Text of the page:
He said he has been playing with pain and swelling in the elbow most of the season and will have a magnetic resonance imaging exam after the season.

"It mostly hurts when I hit the ground," Westbrook said.

Adrenaline takes over, and Westbrook is by his Trevor Browne man and launches up a soft shot between two defenders in the lane, his body twisting in midair.

The ball goes in. He is fouled. And he's at the line again.

"Whenever I've seen Lawrence play, I thought he took good shots," said Jeff Schneider, former head coach at Cal Poly, who coached Westbrook in the summer on his High Five Arizona AAU club team that traveled to out of state for tournaments. "He scored a lot of points for me, but he took good shots.

"I thought he was a really good team player. His role is to score points. I've never seen anyone consistenly get to the rim like that. He can shoot unlimited range. When Lawrence played on my team, you never miss him. If he is open, he gets the ball. It's that simple."

When Ellsworth left Trevor Browne after 13 years last summer to take the Chandler job, he told Westbrook that he would have the green light.

That was something that kept Westbrook from searching out other schools, after 6-6 guard Joey Shaw transferred to Glendale Deer Valley for his senior season.

Westbrook was left as the sole leader, a role he gladly accepted. But he travels a fine line between individualism and team ball.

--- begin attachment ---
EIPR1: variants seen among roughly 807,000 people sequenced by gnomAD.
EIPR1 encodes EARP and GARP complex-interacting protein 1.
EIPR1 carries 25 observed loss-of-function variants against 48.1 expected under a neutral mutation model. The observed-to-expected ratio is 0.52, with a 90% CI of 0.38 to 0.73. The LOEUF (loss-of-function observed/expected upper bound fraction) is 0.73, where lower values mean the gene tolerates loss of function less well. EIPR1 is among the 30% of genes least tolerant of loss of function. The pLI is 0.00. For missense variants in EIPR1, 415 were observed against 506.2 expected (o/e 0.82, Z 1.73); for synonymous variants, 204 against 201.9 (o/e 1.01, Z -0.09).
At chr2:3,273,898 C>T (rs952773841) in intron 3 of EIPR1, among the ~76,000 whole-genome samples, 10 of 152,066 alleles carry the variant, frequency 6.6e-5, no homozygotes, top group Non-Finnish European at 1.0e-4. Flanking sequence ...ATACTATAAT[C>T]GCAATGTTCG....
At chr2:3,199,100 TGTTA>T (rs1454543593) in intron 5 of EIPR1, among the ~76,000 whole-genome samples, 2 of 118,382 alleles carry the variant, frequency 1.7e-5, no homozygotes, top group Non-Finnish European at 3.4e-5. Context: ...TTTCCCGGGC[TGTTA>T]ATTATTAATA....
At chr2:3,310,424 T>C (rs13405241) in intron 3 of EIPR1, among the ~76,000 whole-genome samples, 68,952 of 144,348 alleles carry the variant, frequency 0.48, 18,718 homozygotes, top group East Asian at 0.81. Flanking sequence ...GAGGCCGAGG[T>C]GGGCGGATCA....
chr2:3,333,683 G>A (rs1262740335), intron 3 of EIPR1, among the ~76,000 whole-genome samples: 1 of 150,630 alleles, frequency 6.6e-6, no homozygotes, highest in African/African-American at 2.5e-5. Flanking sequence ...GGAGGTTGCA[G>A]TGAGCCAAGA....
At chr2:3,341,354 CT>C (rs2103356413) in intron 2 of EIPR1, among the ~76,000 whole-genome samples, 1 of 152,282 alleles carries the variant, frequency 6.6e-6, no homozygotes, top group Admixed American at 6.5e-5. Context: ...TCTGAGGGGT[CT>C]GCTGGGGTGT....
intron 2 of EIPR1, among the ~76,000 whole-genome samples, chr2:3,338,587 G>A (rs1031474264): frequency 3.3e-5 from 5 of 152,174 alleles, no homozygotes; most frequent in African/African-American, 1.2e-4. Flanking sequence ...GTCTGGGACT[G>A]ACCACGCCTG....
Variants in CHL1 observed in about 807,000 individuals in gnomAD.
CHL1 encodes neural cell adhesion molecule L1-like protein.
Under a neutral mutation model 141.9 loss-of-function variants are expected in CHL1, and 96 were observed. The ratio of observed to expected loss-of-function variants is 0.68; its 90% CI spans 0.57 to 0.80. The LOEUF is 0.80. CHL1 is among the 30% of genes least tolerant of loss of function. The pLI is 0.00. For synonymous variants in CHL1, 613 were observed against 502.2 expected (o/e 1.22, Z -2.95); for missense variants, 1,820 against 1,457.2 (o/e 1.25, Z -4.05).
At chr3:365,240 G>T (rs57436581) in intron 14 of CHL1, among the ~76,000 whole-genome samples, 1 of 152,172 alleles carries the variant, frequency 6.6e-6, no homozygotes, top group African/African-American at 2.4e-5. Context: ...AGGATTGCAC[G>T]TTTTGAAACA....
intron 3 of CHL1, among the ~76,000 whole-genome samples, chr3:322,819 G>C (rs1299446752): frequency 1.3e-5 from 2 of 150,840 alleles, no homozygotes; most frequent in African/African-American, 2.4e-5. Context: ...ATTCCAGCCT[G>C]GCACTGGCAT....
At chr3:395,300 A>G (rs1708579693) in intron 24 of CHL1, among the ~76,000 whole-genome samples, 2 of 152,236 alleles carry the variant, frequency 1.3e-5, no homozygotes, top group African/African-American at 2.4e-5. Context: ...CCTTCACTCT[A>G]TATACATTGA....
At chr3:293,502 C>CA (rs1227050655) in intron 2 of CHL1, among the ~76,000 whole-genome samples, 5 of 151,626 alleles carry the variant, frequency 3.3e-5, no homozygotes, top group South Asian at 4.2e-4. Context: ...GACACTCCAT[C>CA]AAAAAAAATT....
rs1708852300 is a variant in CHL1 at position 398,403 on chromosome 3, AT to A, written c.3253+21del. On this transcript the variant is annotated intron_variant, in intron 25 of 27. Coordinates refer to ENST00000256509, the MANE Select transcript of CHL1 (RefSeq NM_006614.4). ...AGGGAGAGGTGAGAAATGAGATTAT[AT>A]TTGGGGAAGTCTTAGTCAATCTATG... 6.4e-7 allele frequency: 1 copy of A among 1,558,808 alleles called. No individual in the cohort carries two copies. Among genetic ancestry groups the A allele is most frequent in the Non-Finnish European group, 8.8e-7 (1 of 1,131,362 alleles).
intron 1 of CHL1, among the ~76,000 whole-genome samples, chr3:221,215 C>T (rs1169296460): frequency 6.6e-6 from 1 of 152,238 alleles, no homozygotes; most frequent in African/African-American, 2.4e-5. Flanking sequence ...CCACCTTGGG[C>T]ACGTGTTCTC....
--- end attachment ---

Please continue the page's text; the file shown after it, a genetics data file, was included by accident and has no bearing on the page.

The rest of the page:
"If Lawrence scores all the points, we can't win," Ellsworth said. "If Lawrence scores a lot of points and other guys score, we can win. Lawrence wants to win.

"We're starting to have some fun."

The road ahead

Chandler's season could end Tuesday in the first round of the Fiesta Region tournament against Gilbert, a team that has beaten the Wolves twice.

The Wolves are 10-14, and the debate rages on whether a player from a lowly team can be the state's Player of the Year.

"The funny thing about it, Lawrence has probably had a lot to do with what's on the court, his production and trying to do what he's been asked to do by the coach," Larry Westbrook, Lawrence's father, said. "Sometimes, that becomes politicky. But the fact of the matter is, he's got little to do with the controversy. All he's doing is playing basketball."

Two weeks ago, after Chandler beat Casa Grande and Gilbert Highland and Westbrook had 41 and 36 points, respectively, all was good on the Chandler front.

"He's just a beast of a player and he wants to win," said Shawn Deadwiler Sr., whose son, Shawn Jr., shares the backcourt with Westbrook. "I think Lawrence is playing just like a team player should play."

Westbrook doesn't put any limits on himself, and he eats up the praises heaped on him.

He said NBA teams have looked at him and, if given the opportunity, he will try to make that jump straight from high school. But the only 6-foot guard to go straight from high school to the NBA is Sebastian Telfair, the 13th overall pick of the 2004 draft, by the Portland Trail Blazers. It is mainly reserved for big men.But dreams have no height limit to Westbrook.

"I think it's a possibility," he said about making the jump from high school to the NBA. "Anybody who has an opportunity to go out of high school, I think he'd be stupid to pass up the money."

State high school season-scoring records

Scoring punch
A game-by-game breakdown of junior guard Lawrence Westbrook's points

Update: The Arizona Republic: Westbrook gets 43, tops scoring record